People do things with words. Metaphors, jokes, idioms and vernaculars are the building blocks of how people communicate, create their communities and organisations, and make sense of the world they inhabit (Lakoff and Johnson 1980). Consider for example these ways of talking about drinking, eating, and cooking in Kenya, someone might ask you to toa chai, or buy them a cup of tea; in Morocco they might ask for a kahwa, or coffee; and in Lebanon you might be surprised to be offered helwayneh (sweets) when dealing with an official. These requests and invitations, when uttered in the context of commensality, can create a sense of friendship or family belonging. When uttered in other contexts, however, such idioms act as ‘codes’ referring informal economic activities – in this case, petty bribery and corruption. Recent scholarship from the economic and social sciences has provided ample evidence that informal economic activities come in many culturally diverse guises which reflect local histories, moral economies, and socio-economic contexts. While documenting such empirical diversity, however, few have given any consideration to their discursive and linguistic aspects. Rather, references to vernacular expressions for unofficial (and/or illegal) economic activity have been used mainly to add ethnographic ‘colour’ to academic writing on the subject. In this paper, I advocate taking local vocabularies of informality seriously, arguing that language is a constitutive part of all semi-and illegal economic practices, as well as the models of corruption and informality through which scholars have studied them. Focusing on forms of communication provides a methodologically innovative approach to the empirical study of informal economic practices, as well as a novel avenue for the development of contextually sensitive, reflexive analytical frameworks for their analysis.
In this paper, we critically discuss the pilot project initiated by the Estonian state to scale down the infrastructures and real estate of Kohtla-Järve, a town developed in relation to intensive mining and industrial activity in the Soviet time. The pilot project assumes that the sacrifice of half-empty apartment buildings may positively transform the urban built environment and increase the value of what is left standing, thus changing how the town is represented and the dwellers’ everyday lives. Here, demolition is presented as an experimental modality of urban planning and as political action, prototyping policy models geared towards endurance. Planning and financial efforts are, therefore, no longer oriented towards expanding the town, but rather to reach socio-material stability in a context of negative capability. We also investigate the epistemic dimensions of the half-empty phenomenon and how it affects the perception of this town (including fears of a potential loss of urbanity), as well as how the demolition plans are received by the local population (presenting Kohtla-Järve as an urban living lab). The demolition of housing infrastructure materializes the aspiration of a better future and makes governance tangible in an area affected by a demographic decrease and postsocialist abandonment.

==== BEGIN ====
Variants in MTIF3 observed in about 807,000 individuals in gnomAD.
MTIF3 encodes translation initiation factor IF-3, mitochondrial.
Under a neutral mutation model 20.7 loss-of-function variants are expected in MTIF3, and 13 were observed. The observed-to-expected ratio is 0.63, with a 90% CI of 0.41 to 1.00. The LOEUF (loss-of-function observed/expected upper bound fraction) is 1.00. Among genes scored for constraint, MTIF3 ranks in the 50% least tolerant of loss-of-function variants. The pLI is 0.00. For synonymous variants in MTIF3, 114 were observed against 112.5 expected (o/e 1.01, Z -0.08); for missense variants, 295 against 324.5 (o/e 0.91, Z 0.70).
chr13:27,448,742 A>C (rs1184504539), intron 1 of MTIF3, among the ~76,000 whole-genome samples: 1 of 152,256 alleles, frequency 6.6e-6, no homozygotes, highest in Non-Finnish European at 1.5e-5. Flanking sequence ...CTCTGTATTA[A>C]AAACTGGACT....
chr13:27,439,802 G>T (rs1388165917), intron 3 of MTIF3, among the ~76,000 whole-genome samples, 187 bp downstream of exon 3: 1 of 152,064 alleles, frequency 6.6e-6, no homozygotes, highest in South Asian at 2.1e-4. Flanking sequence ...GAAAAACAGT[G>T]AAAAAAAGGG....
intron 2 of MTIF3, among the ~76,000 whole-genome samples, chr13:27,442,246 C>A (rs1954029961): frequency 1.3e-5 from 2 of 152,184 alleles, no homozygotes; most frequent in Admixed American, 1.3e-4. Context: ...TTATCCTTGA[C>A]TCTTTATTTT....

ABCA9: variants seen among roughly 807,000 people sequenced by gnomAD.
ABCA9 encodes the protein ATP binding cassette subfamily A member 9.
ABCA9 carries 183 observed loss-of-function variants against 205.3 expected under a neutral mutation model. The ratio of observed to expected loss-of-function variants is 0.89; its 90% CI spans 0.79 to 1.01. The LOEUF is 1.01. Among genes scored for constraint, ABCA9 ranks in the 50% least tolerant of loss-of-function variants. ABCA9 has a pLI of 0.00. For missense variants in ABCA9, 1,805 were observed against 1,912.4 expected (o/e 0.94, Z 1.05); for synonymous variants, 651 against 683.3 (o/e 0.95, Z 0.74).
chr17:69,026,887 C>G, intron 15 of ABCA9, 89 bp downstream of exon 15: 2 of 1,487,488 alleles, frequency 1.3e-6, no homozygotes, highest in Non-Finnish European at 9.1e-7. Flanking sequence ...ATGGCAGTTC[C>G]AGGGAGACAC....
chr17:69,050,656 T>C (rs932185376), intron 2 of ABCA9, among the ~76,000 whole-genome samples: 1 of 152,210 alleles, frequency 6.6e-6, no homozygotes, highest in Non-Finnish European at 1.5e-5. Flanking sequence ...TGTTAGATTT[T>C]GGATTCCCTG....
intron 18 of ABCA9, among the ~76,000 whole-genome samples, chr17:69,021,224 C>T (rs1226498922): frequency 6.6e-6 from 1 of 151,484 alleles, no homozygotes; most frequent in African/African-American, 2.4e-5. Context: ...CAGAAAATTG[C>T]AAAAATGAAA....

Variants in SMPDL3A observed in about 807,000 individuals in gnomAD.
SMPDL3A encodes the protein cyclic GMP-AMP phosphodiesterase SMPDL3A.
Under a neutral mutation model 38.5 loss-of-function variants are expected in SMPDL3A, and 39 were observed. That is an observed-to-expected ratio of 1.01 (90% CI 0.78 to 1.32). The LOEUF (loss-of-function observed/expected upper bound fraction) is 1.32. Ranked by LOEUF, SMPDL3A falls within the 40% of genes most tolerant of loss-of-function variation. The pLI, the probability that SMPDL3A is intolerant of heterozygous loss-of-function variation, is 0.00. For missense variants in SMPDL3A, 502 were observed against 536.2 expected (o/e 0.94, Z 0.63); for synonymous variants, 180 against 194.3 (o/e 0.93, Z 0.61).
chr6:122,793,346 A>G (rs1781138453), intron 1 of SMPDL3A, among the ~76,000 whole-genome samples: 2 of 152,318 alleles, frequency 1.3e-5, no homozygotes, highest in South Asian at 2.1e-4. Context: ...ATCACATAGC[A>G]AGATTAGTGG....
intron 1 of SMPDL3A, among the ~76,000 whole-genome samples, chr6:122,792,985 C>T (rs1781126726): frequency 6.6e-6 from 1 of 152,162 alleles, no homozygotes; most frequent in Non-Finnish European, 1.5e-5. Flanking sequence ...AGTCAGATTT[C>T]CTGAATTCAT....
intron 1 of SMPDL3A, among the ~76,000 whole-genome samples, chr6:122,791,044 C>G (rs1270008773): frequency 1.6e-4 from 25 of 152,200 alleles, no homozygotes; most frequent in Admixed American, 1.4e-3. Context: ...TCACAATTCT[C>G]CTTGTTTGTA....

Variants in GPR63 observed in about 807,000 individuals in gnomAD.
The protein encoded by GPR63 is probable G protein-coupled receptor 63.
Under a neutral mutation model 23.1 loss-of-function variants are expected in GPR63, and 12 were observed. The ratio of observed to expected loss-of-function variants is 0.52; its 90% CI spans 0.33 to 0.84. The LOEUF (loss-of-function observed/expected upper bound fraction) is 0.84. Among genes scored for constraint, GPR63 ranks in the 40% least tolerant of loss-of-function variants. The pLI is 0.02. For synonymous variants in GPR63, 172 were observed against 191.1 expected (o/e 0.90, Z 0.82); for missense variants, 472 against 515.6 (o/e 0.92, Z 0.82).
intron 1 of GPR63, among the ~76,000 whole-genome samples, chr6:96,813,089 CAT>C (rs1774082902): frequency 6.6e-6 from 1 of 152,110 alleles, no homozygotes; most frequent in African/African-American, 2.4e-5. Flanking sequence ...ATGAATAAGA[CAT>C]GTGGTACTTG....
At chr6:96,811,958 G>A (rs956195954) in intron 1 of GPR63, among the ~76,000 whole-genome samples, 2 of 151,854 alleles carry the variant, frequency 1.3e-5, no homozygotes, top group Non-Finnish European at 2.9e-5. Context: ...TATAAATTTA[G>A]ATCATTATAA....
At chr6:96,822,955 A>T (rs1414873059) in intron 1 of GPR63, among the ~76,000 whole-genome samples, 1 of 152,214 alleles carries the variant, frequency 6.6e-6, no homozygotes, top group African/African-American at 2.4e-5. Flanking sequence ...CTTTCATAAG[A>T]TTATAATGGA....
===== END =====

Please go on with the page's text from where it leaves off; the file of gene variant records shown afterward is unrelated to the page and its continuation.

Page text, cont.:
Working on informality beyond global South, the paper draws attention to the intersection of informality and legality. The notion “in-legality” is introduced here in order to avoid the persistent tendency to conflate informality with illegality. Instead, “in-legality” refers to the intersection and co-production of (il)legality and (in)formality: both as embeddedness of informalities within the legal order and informal processes as inherent elements of how laws work. Building partly from Kusiak (2019) discussion on judicial informalities, the paper highlights the process of legitimation of informality that allows such forms of organising to exist even if they are illegal and informal in many ways, though not necessarily defined as such by state or other actors. The paper discusses two transport-related in-legalities. Firstly, using an example of informal-looking but formally provided private parking facilities in Tallinn, the paper shows that even if the activity is aesthetically something that could be named “informal”, it can escape this designation for the way the practice works through the loops and inconsistencies of the state. The second example highlights the way in which an activity that might in other circumstances be illegal, receives formalised status for the way it aligns with the state ambitions. Ridehailing formalisation in Estonia owed to the elite informality posited in the established discursive framings of the digital future. Thus, while similar frames could be used for different illegal businesses (such as selling and trafficking drugs), it is significant that the novelty of platform economies, as well as their future promises and use of digitality justified for Estonian regulators the positive approach in the face of apparent illegality. Finally, the paper investigates the potential value in invoking the notion of “post-socialism” here to understand the particular workings of “in-legality”.